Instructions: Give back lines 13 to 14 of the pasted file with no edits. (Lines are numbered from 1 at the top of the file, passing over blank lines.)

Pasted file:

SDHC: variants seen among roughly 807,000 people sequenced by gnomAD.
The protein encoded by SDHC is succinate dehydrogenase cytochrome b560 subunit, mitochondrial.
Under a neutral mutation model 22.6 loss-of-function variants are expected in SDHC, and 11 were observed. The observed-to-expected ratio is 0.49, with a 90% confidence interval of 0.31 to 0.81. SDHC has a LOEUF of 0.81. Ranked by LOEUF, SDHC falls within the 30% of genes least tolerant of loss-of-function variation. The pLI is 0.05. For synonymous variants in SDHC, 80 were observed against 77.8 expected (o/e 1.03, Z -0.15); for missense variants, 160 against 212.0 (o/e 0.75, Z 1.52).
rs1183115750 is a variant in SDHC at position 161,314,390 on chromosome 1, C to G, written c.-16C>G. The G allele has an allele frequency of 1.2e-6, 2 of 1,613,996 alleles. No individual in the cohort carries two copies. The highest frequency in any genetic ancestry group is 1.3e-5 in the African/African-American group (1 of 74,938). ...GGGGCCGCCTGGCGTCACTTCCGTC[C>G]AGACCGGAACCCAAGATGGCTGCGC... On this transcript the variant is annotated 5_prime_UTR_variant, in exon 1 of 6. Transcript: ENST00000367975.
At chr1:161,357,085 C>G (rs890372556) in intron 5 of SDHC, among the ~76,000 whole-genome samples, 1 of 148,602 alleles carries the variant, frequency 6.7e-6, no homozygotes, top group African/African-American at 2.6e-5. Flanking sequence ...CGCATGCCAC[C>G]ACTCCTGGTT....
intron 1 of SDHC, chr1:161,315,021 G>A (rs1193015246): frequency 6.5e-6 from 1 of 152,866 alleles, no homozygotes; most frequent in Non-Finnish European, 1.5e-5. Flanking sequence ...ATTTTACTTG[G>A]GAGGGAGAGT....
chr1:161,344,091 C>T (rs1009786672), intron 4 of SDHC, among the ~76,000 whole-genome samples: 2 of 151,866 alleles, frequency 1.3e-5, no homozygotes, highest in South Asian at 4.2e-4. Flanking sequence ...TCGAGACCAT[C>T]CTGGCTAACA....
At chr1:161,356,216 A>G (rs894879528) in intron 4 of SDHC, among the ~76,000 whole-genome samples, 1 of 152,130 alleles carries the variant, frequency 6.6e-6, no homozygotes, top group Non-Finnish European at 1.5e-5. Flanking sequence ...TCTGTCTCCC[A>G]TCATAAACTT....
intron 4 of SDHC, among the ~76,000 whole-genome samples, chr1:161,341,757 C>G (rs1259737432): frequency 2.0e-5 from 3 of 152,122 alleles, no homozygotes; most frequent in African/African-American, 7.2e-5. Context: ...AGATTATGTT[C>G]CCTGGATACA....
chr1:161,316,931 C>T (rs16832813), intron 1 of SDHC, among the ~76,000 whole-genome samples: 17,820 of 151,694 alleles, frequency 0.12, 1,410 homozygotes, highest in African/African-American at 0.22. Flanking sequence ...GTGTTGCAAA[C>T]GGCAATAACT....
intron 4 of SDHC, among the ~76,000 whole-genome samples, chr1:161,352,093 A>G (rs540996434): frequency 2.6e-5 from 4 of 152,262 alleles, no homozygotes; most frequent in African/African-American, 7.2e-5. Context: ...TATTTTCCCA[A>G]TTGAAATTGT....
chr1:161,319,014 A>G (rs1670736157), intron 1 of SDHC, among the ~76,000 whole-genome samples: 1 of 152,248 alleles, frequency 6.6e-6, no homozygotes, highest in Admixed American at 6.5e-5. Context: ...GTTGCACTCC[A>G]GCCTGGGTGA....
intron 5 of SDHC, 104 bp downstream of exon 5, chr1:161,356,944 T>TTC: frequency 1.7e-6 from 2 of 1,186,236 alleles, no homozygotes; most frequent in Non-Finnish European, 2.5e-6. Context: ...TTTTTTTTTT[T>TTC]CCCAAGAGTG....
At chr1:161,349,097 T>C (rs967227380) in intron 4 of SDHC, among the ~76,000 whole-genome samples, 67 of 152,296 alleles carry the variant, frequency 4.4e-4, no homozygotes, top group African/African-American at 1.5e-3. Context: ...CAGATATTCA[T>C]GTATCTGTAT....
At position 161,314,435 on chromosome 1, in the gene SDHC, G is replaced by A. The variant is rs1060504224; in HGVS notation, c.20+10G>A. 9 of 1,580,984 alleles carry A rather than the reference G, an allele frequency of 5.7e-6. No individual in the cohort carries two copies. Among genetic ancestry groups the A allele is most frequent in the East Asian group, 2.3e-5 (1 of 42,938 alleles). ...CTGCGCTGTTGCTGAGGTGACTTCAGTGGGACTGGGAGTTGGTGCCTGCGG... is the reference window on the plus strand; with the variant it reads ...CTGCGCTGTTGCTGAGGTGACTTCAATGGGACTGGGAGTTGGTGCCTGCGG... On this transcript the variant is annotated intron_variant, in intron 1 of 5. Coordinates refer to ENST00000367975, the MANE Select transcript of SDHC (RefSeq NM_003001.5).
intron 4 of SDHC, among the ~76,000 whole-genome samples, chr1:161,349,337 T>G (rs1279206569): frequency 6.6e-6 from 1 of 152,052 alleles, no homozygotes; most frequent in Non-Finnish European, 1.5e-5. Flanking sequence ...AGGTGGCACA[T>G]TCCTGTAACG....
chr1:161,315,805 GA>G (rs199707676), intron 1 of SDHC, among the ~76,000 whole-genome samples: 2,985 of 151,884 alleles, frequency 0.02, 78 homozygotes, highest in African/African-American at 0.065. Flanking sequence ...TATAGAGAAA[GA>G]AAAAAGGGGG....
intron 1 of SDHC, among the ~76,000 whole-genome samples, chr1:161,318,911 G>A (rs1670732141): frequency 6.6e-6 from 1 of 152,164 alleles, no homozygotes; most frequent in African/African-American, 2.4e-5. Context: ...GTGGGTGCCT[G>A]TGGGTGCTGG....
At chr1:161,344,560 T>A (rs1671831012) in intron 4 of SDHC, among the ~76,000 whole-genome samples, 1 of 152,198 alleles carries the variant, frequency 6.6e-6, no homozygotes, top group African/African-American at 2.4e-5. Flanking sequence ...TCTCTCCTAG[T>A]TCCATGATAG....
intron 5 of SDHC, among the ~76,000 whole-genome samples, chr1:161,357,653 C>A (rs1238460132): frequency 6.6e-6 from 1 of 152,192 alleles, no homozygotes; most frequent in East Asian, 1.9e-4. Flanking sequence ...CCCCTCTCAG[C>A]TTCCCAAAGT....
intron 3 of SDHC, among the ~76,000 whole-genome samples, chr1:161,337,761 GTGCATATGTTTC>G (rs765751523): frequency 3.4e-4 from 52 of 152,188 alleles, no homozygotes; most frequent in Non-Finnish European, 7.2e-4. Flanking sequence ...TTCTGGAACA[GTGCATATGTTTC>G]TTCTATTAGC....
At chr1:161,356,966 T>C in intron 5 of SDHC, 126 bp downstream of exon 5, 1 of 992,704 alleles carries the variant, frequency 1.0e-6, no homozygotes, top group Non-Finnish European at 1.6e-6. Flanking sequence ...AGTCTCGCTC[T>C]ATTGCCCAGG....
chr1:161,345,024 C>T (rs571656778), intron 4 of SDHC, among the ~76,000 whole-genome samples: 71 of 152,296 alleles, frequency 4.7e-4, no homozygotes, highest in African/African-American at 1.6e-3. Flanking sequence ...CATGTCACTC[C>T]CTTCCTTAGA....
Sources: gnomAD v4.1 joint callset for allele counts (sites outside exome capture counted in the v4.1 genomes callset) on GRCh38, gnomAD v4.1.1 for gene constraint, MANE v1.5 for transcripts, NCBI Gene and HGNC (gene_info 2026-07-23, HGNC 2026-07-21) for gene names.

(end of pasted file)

intron 5 of SDHC, 104 bp downstream of exon 5, chr1:161,356,944 T>TTC: frequency 1.7e-6 from 2 of 1,186,236 alleles, no homozygotes; most frequent in Non-Finnish European, 2.5e-6. Context: ...TTTTTTTTTT[T>TTC]CCCAAGAGTG....
At chr1:161,349,097 T>C (rs967227380) in intron 4 of SDHC, among the ~76,000 whole-genome samples, 67 of 152,296 alleles carry the variant, frequency 4.4e-4, no homozygotes, top group African/African-American at 1.5e-3. Context: ...CAGATATTCA[T>C]GTATCTGTAT....